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Clan Donald Magazine No 3 (1965) Online

Finlaggan 'Footprint Stone' Found by Domhnall Gruamach.

The following report addressed to the President of the Edinburgh Society has come to hand from a member resident in Islay, an ardent historian and loyal clansman. We publish it without comment at present, except to say how important such a find is at this time, emphasising the necessity for immediate action to preserve all the relics on the two islets in Loch Finlaggan. We hope that the Ministry of Works, whose Ancient Monuments Department has the care of the site, will now take steps to safeguard this valuable Stone together with the others already mentioned, and any others which may yet be found. - Donald J. Macdonald, President, Clan Donald Society of Edinburgh, 30th June 1965.

The Clan Donald "Stone of Destiny" has been found, after 350 years. The Stone of Inauguration of the Clan Donald, Kings and Lords of the Isles, the stone bearing the carved imprint of a human foot, in which every true Chief of the Clan has placed his left foot at the time of his inauguration, was kept in the sanctuary of one of the islets in Loch Finlaggan in Islay. Used as the sacred stone of the Island Lordship since the time of Somerled (King of Argyll and the Isles in 1164 AD), the stone was broken by the order of the Earl of Argyll in 1615 and cast away, a deed of senseless spite that has never been forgotten. By tradition the stone was kept on the smaller islet (The Council Isle) in Loch Finlaggan; but no trace of the stone, or even of its fragments, has ever been found either on or near this islet.

In 1962-63 Captain Donald (a son of the Dunyvaig Line of the House of Islay, who lives in Islay) formed the opinion that the Stone would have been more likely to have been used and kept on the larger islet (Eilean Mor), if only because the tiny Isle of the Council could not possibly have accommodated the vast concourse of clansmen who attended the ceremony of Inauguration of their Chief. Accordingly he had several discussions with a trusty colleague, Robert Hodkinson of Bowmore, who is a MacMhuirich of the Clan Donald on his mother's side. It was suggested to the latter that, after being broken under the eye of Argyll, the portions of the stone would then have been dropped into the Loch close beside Eilean Mor, almost certainly at a spot known to some of the remaining loyal clansmen. The question of the possibility of obtaining the services of a "frogman" to explore the water round the edge of Eilean Mor was then discussed, but there were certain difficulties involved at the time.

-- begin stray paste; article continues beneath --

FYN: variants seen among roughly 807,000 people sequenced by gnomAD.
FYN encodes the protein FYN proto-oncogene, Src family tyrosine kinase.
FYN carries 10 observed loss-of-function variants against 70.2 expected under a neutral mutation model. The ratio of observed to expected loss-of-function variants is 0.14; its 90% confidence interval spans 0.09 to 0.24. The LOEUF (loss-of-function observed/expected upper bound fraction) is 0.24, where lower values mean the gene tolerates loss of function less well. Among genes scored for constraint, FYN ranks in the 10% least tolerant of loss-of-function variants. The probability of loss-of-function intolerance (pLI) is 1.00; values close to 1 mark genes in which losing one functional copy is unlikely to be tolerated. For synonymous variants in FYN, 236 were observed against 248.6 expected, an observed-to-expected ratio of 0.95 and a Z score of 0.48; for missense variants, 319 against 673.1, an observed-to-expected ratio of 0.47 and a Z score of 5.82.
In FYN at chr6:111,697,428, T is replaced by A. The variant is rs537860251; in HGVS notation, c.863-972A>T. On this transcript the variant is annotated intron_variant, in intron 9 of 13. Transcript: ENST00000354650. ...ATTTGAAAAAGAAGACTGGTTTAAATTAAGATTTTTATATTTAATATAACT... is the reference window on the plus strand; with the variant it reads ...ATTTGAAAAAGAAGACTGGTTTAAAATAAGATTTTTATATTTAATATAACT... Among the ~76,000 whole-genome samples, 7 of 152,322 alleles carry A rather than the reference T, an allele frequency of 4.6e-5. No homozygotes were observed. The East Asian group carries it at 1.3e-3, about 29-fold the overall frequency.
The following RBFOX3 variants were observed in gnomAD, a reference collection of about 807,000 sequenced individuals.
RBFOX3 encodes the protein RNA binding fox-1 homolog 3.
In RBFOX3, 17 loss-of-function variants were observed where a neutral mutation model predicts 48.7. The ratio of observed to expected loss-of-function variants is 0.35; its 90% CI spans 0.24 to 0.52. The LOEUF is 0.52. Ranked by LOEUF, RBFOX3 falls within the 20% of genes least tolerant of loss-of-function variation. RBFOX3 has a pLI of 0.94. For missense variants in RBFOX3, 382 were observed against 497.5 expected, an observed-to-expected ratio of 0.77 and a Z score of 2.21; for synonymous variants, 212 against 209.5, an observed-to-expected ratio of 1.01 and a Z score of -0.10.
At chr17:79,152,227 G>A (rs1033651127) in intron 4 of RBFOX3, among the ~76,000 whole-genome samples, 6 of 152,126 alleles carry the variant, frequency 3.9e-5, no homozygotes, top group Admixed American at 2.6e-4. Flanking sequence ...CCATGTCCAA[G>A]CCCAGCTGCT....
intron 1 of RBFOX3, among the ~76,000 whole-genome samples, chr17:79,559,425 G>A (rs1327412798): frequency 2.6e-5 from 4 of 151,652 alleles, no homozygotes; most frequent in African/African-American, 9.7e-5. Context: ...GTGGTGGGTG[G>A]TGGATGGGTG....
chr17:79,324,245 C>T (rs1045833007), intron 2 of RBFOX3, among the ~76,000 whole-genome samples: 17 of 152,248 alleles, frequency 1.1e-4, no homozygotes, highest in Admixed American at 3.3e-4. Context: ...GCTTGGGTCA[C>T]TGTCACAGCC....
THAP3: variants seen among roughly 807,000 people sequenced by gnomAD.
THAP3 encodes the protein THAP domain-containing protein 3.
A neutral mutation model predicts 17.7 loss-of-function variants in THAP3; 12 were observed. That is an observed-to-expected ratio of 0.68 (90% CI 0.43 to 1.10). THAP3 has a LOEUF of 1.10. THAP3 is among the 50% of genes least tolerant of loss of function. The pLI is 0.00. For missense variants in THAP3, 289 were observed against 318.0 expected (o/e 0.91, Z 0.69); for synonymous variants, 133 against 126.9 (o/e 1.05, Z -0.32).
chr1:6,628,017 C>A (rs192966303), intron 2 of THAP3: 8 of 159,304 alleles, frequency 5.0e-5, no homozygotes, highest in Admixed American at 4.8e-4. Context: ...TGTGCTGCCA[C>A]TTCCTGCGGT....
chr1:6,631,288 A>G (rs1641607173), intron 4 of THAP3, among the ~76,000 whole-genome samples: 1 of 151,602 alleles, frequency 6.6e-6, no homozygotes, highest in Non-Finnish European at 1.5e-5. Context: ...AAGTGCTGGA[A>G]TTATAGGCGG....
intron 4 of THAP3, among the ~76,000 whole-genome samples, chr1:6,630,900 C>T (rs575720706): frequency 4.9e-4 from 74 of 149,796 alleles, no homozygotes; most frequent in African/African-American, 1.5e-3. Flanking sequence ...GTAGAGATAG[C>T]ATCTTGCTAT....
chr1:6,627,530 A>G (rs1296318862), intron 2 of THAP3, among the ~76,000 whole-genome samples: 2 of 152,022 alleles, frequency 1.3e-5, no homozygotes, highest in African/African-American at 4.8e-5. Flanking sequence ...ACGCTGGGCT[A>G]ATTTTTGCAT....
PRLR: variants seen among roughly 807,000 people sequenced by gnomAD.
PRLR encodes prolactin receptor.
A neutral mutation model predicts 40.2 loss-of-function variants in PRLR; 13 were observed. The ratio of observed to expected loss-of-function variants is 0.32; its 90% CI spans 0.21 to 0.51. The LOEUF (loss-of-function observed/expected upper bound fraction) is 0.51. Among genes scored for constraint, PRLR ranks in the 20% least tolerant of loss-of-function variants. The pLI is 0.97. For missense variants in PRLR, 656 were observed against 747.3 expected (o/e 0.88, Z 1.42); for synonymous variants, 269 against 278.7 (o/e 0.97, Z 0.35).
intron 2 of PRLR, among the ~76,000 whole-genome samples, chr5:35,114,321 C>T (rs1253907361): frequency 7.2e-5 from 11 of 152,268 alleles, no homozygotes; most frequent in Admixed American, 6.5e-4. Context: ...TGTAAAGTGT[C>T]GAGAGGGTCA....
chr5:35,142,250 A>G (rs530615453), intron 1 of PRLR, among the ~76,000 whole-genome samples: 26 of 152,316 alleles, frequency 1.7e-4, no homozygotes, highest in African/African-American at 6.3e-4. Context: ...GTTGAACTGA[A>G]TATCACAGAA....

As the memory of Islaymen is long, and as the true folk of Islay are well able to keep a secret, Robert Hodkinson then began to initiate a little quiet gossip here and there to find out if any of the older folk had heard any rumour of a stone at Finlaggan with a correct footprint upon it. Several had indeed heard such a tale, but only vaguely. After some time and a great deal of patient enquiry, one piece of definite evidence emerged. This was the fact that the late Alec MacKinnon of Bowmore had hinted that he had seen such a stone, when engaged 70 years ago in cutting the very long grass on Eilean Mor. He had found it lying on the extreme northeast edge of the islet, in very shallow water, as if dropped by those carrying it on their way to the Stone causeway (now sunken) which unites Eilean Mor to the north shore of the Loch. Alec MacKinnon, who died several years ago, claimed that he had seen a carved footprint on this stone; that the stone had been cracked clean across, but that it had been mended with great skill and care. He decided to say nothing about it at the time, as he felt that too many "foreigners" might have taken too keen an interest; but, being a notably strong man, be had dragged the heavy slab single-handed to a place of safety and hidden it there. As there were faint traces of carving on the reverse side (as we now know) he laid it down with the footprint downwards, and with the carved side plainly visible so that to any inquisitive eye it would seem to be just one more ordinary gravestone. He was a wise man, and well able to keep his own counsel.

So far this was only hearsay, but well worth investigation, so Captain Donald asked Robert Hodkinson to check if there was indeed a faintly carved gravestone at or near the spot said to have been chosen by MacKinnon. Hodkinson did so and reported that there was such a gravestone, but that it was too heavy for him to raise up in order to look for the footprint. He could see, however, that the stone had at one time been cracked clean across, and beautifully mended.